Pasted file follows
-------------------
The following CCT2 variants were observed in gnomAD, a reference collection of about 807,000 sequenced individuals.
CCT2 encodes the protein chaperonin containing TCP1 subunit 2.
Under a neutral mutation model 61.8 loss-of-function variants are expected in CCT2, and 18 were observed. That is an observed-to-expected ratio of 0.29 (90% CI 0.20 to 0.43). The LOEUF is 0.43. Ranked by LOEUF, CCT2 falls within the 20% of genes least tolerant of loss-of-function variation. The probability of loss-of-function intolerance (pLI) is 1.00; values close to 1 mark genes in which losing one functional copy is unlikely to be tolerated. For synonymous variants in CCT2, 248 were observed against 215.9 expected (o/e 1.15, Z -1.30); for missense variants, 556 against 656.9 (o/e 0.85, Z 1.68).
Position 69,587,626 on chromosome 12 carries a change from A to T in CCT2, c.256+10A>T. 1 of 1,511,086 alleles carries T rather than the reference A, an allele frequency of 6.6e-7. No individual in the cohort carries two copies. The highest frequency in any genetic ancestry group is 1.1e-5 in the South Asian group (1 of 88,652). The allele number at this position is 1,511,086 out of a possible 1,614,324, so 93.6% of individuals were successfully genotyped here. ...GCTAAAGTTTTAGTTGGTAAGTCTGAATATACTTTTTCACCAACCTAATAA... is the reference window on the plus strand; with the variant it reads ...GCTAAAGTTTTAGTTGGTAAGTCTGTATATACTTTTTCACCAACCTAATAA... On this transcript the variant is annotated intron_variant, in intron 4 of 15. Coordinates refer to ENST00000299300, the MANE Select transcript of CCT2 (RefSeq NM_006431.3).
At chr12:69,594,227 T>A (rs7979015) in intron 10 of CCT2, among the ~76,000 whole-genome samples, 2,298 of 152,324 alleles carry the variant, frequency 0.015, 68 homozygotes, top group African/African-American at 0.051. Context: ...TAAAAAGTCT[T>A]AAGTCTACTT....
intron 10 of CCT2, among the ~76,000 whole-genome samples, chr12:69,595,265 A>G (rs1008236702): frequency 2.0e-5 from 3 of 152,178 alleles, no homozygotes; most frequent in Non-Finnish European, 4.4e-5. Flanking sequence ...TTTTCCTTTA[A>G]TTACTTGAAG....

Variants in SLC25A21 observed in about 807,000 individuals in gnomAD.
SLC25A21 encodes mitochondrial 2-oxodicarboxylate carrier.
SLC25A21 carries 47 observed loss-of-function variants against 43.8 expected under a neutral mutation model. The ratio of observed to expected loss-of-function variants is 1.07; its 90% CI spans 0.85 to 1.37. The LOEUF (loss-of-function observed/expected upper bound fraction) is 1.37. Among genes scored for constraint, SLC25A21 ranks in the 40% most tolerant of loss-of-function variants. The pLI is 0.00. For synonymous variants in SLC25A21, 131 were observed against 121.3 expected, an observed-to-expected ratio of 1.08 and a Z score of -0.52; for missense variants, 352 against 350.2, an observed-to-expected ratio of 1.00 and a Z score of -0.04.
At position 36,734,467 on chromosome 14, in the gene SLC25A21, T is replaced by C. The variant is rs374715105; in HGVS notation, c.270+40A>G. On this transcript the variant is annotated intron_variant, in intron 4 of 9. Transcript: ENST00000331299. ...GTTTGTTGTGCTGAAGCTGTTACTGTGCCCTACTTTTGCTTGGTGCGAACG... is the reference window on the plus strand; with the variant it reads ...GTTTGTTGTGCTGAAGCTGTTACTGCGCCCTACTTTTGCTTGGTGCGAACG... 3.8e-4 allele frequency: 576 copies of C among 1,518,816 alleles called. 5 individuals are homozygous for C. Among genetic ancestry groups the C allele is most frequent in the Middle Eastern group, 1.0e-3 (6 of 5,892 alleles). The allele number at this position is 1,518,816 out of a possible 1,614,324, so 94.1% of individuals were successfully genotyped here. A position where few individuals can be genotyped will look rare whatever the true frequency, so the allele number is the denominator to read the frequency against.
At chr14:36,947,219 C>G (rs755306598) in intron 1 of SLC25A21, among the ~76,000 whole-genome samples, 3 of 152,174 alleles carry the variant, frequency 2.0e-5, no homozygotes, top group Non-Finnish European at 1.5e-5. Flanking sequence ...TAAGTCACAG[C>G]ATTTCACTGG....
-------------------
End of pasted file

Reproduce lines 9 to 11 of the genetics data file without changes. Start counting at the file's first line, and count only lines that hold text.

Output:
SLC25A21 carries 47 observed loss-of-function variants against 43.8 expected under a neutral mutation model. The ratio of observed to expected loss-of-function variants is 1.07; its 90% CI spans 0.85 to 1.37. The LOEUF (loss-of-function observed/expected upper bound fraction) is 1.37. Among genes scored for constraint, SLC25A21 ranks in the 40% most tolerant of loss-of-function variants. The pLI is 0.00. For synonymous variants in SLC25A21, 131 were observed against 121.3 expected, an observed-to-expected ratio of 1.08 and a Z score of -0.52; for missense variants, 352 against 350.2, an observed-to-expected ratio of 1.00 and a Z score of -0.04.
At position 36,734,467 on chromosome 14, in the gene SLC25A21, T is replaced by C. The variant is rs374715105; in HGVS notation, c.270+40A>G. On this transcript the variant is annotated intron_variant, in intron 4 of 9. Transcript: ENST00000331299. ...GTTTGTTGTGCTGAAGCTGTTACTGTGCCCTACTTTTGCTTGGTGCGAACG... is the reference window on the plus strand; with the variant it reads ...GTTTGTTGTGCTGAAGCTGTTACTGCGCCCTACTTTTGCTTGGTGCGAACG... 3.8e-4 allele frequency: 576 copies of C among 1,518,816 alleles called. 5 individuals are homozygous for C. Among genetic ancestry groups the C allele is most frequent in the Middle Eastern group, 1.0e-3 (6 of 5,892 alleles). The allele number at this position is 1,518,816 out of a possible 1,614,324, so 94.1% of individuals were successfully genotyped here. A position where few individuals can be genotyped will look rare whatever the true frequency, so the allele number is the denominator to read the frequency against.
At chr14:36,947,219 C>G (rs755306598) in intron 1 of SLC25A21, among the ~76,000 whole-genome samples, 3 of 152,174 alleles carry the variant, frequency 2.0e-5, no homozygotes, top group Non-Finnish European at 1.5e-5. Flanking sequence ...TAAGTCACAG[C>G]ATTTCACTGG....